On Tuesday, former Phillies and Blue Jays great Roy Halladay died in a plane crash in Florida. As the baseball world reacts to the loss of a great pitcher and an even better person, many are also remembering the heights he reached during his career.
While he never won a World Series, he did just about everything else you can do in baseball. Anybody who was lucky enough to watch him pitch knows that few people were as magnetic on the mound.
Halladay was a work horse, the middle decade of his career a peak that few pitchers achieve — and maintain — in their careers. There was more to his life than just statistics and numbers, of course. No athlete is defined by the peaks and valleys they hit on the field.
But as we remember Halladay’s career and his contribution to the sport, stats are a helpful guide in recalling just what he accomplished. These aren’t all of the numbers that would wow you about his career, as he had so many that could floor you, but it’s a snapshot of all he accomplished in his 16 seasons.
Halladay was selected for the All-Star Game eight times. That puts him at 94th on the all-time list for most All-Star Game roster appearances. That’s out of all players, as well, not just pitchers. For somebody who was nearly out of the league in the early aughts, what a comeback.
Cy Young Awards won. He came in second in Cy Young voting two other years, and took home one honor in each league, AL in 2003 and NL in 2010. He received 100% of 1st place votes in 2010, a season in which he lead the league innings (250.2), complete games (9), shutouts (4), wins (21), and batters faced (993).
Where he ranks on the list of Cy Young Awards Share leaders. His career shares in Cy Young voting rank 9th all-time, at 3.50. That put him ahead of players like Orel Hershiser, Tim Lincecum, Dwight Gooden, Gaylord Perry, Tom Glavine, and Sandy Koufax. He trailed other greats, like Pedro Martinez, Greg Maddux, or Tom Seaver, but 9th on that list is nothing to scoff at by any means.
He threw one perfect game, against the Marlins in the spring of 2010. He threw 115 pitches to do it, striking out 11 batters on his way to the perfecto. He was one out away from notching a second one in just his second career start, but lost it on a home run.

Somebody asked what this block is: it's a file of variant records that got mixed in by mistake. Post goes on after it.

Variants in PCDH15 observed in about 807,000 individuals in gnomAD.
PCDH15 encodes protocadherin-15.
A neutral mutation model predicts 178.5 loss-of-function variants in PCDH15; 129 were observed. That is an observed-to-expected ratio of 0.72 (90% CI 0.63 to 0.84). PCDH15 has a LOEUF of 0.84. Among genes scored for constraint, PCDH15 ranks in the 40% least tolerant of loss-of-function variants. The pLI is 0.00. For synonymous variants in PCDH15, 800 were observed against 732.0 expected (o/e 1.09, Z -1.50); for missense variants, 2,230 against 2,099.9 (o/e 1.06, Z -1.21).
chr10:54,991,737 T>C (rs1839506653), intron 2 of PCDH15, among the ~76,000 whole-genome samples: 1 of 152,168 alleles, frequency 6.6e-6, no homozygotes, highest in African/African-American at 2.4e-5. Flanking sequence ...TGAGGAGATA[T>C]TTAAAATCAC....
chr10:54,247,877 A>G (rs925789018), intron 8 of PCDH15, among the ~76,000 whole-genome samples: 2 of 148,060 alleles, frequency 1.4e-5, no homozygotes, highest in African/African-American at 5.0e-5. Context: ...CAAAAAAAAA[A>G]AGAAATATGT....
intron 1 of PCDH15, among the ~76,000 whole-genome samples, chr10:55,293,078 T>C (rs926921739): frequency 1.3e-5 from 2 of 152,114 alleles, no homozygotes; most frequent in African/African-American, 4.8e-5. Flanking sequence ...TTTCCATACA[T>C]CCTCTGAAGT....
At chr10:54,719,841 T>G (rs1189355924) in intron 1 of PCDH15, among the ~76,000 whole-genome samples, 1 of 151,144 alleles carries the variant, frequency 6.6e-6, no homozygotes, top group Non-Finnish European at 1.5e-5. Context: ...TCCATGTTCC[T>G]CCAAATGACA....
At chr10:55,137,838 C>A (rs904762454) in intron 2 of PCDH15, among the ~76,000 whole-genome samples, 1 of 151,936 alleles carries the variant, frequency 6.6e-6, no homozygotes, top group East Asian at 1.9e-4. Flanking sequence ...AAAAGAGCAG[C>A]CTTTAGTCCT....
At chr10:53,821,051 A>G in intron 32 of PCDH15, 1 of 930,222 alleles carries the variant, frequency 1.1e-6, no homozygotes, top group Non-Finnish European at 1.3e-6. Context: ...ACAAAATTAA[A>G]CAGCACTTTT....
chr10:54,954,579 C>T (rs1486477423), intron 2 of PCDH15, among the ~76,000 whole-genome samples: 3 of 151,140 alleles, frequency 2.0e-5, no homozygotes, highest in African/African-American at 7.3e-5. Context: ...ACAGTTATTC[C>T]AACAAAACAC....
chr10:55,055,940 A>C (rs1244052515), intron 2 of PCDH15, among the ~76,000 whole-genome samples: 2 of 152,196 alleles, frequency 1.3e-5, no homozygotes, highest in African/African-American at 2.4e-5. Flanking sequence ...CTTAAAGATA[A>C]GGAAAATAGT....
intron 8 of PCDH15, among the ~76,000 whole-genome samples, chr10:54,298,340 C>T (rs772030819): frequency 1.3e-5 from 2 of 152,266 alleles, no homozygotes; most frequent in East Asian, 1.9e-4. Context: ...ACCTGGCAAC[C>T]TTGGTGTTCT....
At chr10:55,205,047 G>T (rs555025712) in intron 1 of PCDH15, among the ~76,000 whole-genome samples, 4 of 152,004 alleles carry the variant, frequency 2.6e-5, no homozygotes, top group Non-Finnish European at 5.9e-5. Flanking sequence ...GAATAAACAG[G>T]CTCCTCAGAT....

In that perfect game, Halladay threw more than 12 pitches in an inning only two times. Think about that. In sending three batters back to the dugout from the plate in each inning, he needed more than a dozen tosses to do that less than a third of the time. He was masterful in his pitch placement and his control, practically toying with batters as he crushed their dreams each plate appearance. It’s a performance that will be remembered for a long time.
The number of no-hitters in postseason history, including Halladay’s 2010 no-hitter against the Reds in Game 1 of the NLDS. It was his first postseason appearance ever, and he walked only one batter to break up a potential perfect game. Opposing batters had 19 swinging strikes and 23 looking against him, out of 79 strikes. He only threw 104 pitches, so 76% of the time batters were more or less playing a losing game against his talent.
Career complete games. He’d been retired since 2013 and still leads the league in most complete games since he entered the majors in 1998. He led his league in complete games seven separate times throughout his playing career, and it’s one of the things that is most special about his career when compared to others in his era of the sport.
Seven times, Halladay finished in the top five for his league’s ERA crown. He never won one but finished second three times, third twice, and fifth twice.
Once, he went to the zoo with a fan. And it was perfect. “Zoo With Roy” was (and remains) a Philly sports blog that is based on silliness and randomness, and was named after a hypothetical event even the creator assumed was never going to happen.
But then, after Halladay retired and left the Phillies, it did happen.
I'm at the zoo with Roy Halladay?! pic.twitter.com/5453vwPKvo— Zoo With Roy (@zoowithroy) August 8, 2014
Doing something that joyful and unexpected was a different side of Roy, one that we got to see a lot more of in his retirement. It’s one of the hallmarks of his time in Philadelphia and didn’t happen anywhere close to a baseball field. Athletes making dreams come true happens all the time in a world of Make A Wish specials and surprise appearances.
Athletes making a dream this goofy, but still important, come true doesn’t happen nearly as often.
His career win-loss percentage, which ranks 19th out of all pitchers active or inactive. That’s remarkable when you factor in that he had four seasons between .364 and .533 win percentages. Wins aren’t everything for pitchers, and these days they aren’t even most things when we analyze pitchers’ seasons and careers. But when you think about how those four rough seasons dragged him down in this area and he still put up a number like that, it’s simultaneously amazing that Roy managed that and not at all surprising because it was him.
His ERA in 2000, in just his second full season in the league. Yes, you read that right. He pitched 67.2 innings, and walked 42 batters and let up 14 home runs in that time. Then he got sent to Triple-A to fix himself, and could have easily dropped off the face of the planet never to return to the show.
Yet he returned and rattled off one of the greatest decade-long stretches of all time like 2000 never even happened. An ERA like that portends doom, gloom and talk of busts. But for Halladay, it’s a crazy blip in a stellar career.
Statistics aren’t the only things that matter about Halladay’s career, far from it. He meant a lot to two cities, an entire sport, and countless fans around the country, and he will be dearly missed.